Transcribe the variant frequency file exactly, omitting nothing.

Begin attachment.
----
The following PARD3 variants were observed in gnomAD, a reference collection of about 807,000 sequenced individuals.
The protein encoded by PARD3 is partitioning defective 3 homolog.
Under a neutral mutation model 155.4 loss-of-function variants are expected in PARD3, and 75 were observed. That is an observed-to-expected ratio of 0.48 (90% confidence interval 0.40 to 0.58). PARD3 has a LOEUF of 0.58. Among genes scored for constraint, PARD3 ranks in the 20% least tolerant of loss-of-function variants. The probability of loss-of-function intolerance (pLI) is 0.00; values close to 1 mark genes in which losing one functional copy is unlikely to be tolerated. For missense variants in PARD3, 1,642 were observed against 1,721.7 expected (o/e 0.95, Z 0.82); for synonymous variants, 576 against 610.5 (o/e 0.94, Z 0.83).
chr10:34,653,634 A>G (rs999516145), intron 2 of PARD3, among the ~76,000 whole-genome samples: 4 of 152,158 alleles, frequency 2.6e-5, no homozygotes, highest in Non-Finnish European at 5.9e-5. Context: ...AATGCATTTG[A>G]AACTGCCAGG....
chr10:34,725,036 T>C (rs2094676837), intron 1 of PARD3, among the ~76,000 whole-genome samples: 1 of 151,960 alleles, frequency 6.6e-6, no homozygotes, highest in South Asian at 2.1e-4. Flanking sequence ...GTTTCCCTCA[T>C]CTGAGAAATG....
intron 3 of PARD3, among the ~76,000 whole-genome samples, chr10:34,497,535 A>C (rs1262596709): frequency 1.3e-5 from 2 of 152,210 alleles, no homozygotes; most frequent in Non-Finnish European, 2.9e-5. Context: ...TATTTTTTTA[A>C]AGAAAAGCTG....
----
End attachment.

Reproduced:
The following PARD3 variants were observed in gnomAD, a reference collection of about 807,000 sequenced individuals.
The protein encoded by PARD3 is partitioning defective 3 homolog.
Under a neutral mutation model 155.4 loss-of-function variants are expected in PARD3, and 75 were observed. That is an observed-to-expected ratio of 0.48 (90% confidence interval 0.40 to 0.58). PARD3 has a LOEUF of 0.58. Among genes scored for constraint, PARD3 ranks in the 20% least tolerant of loss-of-function variants. The probability of loss-of-function intolerance (pLI) is 0.00; values close to 1 mark genes in which losing one functional copy is unlikely to be tolerated. For missense variants in PARD3, 1,642 were observed against 1,721.7 expected (o/e 0.95, Z 0.82); for synonymous variants, 576 against 610.5 (o/e 0.94, Z 0.83).
chr10:34,653,634 A>G (rs999516145), intron 2 of PARD3, among the ~76,000 whole-genome samples: 4 of 152,158 alleles, frequency 2.6e-5, no homozygotes, highest in Non-Finnish European at 5.9e-5. Context: ...AATGCATTTG[A>G]AACTGCCAGG....
chr10:34,725,036 T>C (rs2094676837), intron 1 of PARD3, among the ~76,000 whole-genome samples: 1 of 151,960 alleles, frequency 6.6e-6, no homozygotes, highest in South Asian at 2.1e-4. Flanking sequence ...GTTTCCCTCA[T>C]CTGAGAAATG....
intron 3 of PARD3, among the ~76,000 whole-genome samples, chr10:34,497,535 A>C (rs1262596709): frequency 1.3e-5 from 2 of 152,210 alleles, no homozygotes; most frequent in Non-Finnish European, 2.9e-5. Context: ...TATTTTTTTA[A>C]AGAAAAGCTG....